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The Voice of the Wildkats

The Student News Site of Willis High School

The Voice of the Wildkats

The Student News Site of Willis High School

The Voice of the Wildkats

Holocaust museum trip leaves emotional impact on Wildkats

FROM+DARKNESS%2C+LIGHT.+With+the+purpose+of+educating+students+and+the+public+about+of+prejudice+and+hatred+in+the+world%2C+the+Holocaust+Museum+Houston+opened+its+doors+in+March+of+1996.+
photo or infographic by Emily Meachen
FROM DARKNESS, LIGHT. With the purpose of educating students and the public about of prejudice and hatred in the world, the Holocaust Museum Houston opened its doors in March of 1996.

Between 1933 and 1945, a genocide committed by Nazi Germany resulted in the loss of one-third of the Jewish people, along with countless other minorities.  Every year, Holocaust Remembrance Day is observed on Jan. 27 since its creation in 2005 by the UN General Assembly. The importance of this date is so a genocide similar to the Holocaust won’t happen again.

Students enrolled in German visited the museum last week thanks to a grant from the Educational Foundation.

“I decided back in September that I wanted to get the Holocaust history to my German Students as more than just a mention,” German teacher Lisa Parrott said. “The Education Foundation came by my room in December with the drum line and cheerleaders and surprised me with the funding I had applied for two months previous. They were very generous and paid for two buses and drivers who did a phenomenal job getting us all safely to the museum and back again.”

The museum had many exhibits that left a lasting impact on the German students. 

“A detail from the museum that stayed with me was about the cattle cars,” sophomore Hunter Fisher said. “The Jewish people that were put in there were crammed with about 180 people from children to the elderly in a small cattle car with no bathroom, so they would have to do their business either on the floor or, if they were lucky, in a bucket.”

Holocaust museums are widely accessible, especially if someone lives near a popular city. 

“I think going to the Holocaust museum should be something everyone does at least once in their lives,” sophomore Avalon Baretto said. “There’s more than likely one in your town, no matter where you live. It puts into perspective exactly what the victims went through. I have more empathy for Holocaust victims than ever now that I have gone.”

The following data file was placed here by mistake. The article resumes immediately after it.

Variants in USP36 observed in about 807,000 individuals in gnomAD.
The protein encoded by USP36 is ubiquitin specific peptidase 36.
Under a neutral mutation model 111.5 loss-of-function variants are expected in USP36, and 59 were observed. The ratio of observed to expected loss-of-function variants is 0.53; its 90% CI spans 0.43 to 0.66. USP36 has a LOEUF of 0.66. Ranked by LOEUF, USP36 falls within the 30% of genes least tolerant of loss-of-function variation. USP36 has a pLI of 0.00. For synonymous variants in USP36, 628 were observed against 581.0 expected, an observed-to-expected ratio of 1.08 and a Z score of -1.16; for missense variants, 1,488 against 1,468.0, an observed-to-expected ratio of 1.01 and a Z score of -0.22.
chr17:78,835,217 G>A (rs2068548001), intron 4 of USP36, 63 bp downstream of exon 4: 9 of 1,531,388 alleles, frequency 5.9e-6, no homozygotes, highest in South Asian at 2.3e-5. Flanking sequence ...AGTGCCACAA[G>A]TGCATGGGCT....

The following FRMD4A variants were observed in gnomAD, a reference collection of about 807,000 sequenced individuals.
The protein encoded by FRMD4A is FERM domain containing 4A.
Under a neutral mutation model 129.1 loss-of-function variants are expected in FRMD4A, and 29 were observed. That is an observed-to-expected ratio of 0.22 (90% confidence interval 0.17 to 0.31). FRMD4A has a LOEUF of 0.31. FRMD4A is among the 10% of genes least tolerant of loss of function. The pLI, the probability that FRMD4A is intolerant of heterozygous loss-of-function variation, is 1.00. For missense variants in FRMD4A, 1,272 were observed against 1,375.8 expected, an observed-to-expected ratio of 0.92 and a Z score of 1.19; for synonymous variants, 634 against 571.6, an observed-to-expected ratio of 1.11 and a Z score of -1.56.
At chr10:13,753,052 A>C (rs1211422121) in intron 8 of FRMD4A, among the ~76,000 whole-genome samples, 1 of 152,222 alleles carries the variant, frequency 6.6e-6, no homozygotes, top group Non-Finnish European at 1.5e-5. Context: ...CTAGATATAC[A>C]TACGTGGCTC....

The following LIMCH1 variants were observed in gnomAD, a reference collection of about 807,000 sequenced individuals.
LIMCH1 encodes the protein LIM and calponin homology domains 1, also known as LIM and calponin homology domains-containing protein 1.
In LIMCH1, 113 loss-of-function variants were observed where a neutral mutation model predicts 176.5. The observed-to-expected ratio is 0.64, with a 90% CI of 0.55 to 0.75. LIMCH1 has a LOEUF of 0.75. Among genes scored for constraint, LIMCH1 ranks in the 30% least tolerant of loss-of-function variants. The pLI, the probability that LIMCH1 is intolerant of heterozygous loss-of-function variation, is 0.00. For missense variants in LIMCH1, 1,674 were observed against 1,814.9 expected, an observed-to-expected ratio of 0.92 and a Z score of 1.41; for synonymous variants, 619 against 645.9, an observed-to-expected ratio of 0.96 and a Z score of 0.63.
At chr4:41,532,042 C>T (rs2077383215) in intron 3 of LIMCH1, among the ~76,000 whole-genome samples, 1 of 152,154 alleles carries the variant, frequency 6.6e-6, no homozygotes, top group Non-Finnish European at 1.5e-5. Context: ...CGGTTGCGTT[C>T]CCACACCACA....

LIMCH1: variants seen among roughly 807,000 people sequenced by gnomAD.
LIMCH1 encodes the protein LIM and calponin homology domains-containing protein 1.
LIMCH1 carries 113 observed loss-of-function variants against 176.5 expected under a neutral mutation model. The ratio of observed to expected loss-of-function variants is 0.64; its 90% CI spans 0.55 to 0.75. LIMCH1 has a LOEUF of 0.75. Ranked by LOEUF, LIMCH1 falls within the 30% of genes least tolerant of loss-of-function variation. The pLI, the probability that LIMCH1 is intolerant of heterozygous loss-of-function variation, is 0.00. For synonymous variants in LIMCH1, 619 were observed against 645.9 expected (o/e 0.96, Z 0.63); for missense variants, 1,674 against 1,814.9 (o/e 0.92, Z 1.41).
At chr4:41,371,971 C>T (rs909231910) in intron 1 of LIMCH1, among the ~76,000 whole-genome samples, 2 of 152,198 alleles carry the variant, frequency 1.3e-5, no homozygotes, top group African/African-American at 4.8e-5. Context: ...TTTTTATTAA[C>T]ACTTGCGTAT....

BUTTERFLY LOFT. A sculpture of 500 butterflies symbolize the 1.5 million children who died in the Holocaust. The art is a permanent exhibit in the Jerold B. Katz Family Butterfly Loft in the Houston Holocaust Museum. (photo or infographic by Emily Meachen)

Even though reliving these experiences can be emotionally difficult, it is needed so society doesn’t repeat its mistakes. 

“I learned that humans have a great capacity for evil,” sophomore Riley Jones said. “There are little boxes with videos of all the piles of bodies in them. Seeing something like this can help kids realize that the Holocaust isn’t a joke.”

Learning about the victims rather than the statistics helps students make a connection with history.

“Simply learning about the Holocaust from a textbook or online articles just gives you the surface level of what happened,” Baretto said. ¨Hearing personal accounts and stories from survivors who saw these things with their own eyes opens up a whole new level of understanding. You can’t even begin to compare the difference between textbook and personal stories.”

Students need to learn empathy to become better people and visiting a Holocaust museum helps society have a better and deeper understanding of history. 

“I highly recommend to all reading this to go to the Holocaust Museum and experience it all personally, Parrott said. “The staff is amazing. The images and stories are real and invoke feelings of disgust and empathy. The main goal of the whole unit was to invoke feelings of empathy toward other people who are being persecuted by others, whether personally or by governments. Empathy empowers us to step up and help.”

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